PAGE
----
What I'm referring to is mostly how people relate to strangers, people they've never met before.

What do you mean by "polite?"

People here are generally too quiet (too few on words, not volume level) and have too many reservations about greeting or introducing themselves to strangers. To me it just does not seem right if you aren't busy, you notice someone else who has nothing going on and using body language to pretend they aren't there. That's the norm, and I hate it.

On vacation I've been in many parts of the southern U.S. and have noticed many "loud"/bold personalities (often residents of smaller cities, towns or sometimes rural areas) that seem practically fearless of strangers. They tend to be pretty welcoming and more interesting to be around. I feel more at home in places like this.

I live in Mississauga, population 600,000 and one city west of Toronto. I wouldn't be surpised if the people in the nearby Niagara area are friendlier (not afraid of strangers) than the Toronto area. My parents have told me that in nearby parts of the U.S. people seem a little friendlier than here.
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Old 03-28-2007, 10:29 PM
 
Location: Monterey Bay, California -- watching the sea lions, whales and otters! :D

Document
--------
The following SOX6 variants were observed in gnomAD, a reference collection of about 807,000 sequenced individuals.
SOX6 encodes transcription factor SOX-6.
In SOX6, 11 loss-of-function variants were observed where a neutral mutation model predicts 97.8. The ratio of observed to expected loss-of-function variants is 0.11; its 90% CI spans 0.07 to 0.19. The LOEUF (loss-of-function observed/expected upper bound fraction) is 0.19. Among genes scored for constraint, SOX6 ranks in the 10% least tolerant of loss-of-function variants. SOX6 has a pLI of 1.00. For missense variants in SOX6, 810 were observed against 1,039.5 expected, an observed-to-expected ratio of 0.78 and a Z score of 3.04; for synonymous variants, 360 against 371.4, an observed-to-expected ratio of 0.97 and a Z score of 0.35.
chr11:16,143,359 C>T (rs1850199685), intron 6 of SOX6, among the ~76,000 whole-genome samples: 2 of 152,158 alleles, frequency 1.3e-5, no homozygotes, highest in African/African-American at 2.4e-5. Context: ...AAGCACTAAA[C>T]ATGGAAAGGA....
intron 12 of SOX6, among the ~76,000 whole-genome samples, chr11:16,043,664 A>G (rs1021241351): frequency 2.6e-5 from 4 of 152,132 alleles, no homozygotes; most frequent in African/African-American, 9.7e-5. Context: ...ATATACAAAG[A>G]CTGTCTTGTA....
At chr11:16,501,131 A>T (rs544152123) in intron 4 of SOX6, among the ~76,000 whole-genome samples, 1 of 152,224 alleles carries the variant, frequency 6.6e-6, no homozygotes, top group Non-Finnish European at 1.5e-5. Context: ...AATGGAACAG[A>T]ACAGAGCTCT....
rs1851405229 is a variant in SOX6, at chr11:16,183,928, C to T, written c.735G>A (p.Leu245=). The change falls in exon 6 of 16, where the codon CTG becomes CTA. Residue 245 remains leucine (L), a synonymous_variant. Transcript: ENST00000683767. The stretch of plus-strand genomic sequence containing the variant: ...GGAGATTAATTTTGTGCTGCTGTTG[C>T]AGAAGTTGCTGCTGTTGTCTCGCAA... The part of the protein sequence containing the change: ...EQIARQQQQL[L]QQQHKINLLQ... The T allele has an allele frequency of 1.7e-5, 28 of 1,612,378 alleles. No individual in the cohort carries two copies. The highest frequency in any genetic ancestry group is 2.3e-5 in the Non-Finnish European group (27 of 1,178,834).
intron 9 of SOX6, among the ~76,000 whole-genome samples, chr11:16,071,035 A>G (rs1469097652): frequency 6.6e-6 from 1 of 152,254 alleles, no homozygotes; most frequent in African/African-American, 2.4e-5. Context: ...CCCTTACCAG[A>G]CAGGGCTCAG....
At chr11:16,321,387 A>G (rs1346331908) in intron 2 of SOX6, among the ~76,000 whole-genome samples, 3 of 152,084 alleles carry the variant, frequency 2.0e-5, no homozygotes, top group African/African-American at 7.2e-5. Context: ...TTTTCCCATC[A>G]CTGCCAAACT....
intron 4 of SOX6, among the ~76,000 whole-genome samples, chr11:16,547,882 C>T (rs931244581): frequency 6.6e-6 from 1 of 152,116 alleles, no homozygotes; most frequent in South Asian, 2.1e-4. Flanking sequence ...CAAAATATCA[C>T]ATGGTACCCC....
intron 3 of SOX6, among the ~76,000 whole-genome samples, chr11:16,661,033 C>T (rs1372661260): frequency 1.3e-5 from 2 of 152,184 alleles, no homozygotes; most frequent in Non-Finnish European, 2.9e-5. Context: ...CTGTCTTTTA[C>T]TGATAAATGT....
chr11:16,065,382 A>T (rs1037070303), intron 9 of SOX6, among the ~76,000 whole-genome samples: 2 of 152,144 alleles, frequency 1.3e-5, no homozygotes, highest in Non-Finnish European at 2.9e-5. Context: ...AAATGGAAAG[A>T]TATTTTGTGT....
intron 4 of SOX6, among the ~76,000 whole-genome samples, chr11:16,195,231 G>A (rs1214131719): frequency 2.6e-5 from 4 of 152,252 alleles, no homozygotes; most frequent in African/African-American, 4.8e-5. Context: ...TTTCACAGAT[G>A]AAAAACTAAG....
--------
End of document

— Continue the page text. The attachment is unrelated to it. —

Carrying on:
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Quote:
I live in Mississauga, population 600,000 and one city west of Toronto. I wouldn't be surpised if the people in the nearby Niagara area are friendlier (not afraid of strangers) than the Toronto area. My parents have told me that in nearby parts of the U.S. people seem a little friendlier than here.
To be quite honest, Ontario is more similar to New York State, and I'm not sure about the South for you in the U.S. It does sound like you may be younger, so at this point in life, you may be lucky to explore and discover places that feel "right" to you.

Mississauga is not far from the States, and if you find you want to be more expressive, maybe more travel in the States is in order. Eventually, you will find where you feel most comfortable.

From my experience, Canada is pretty liberal, and I'm not sure that the Southern States would be that good -- but then again, I know nothing about you.

Quote:
People here are generally too quiet (too few on words, not volume level) and have too many reservations about greeting or introducing themselves to strangers. To me it just does not seem right if you aren't busy, you notice someone else who has nothing going on and using body language to pretend they aren't there. That's the norm, and I hate it.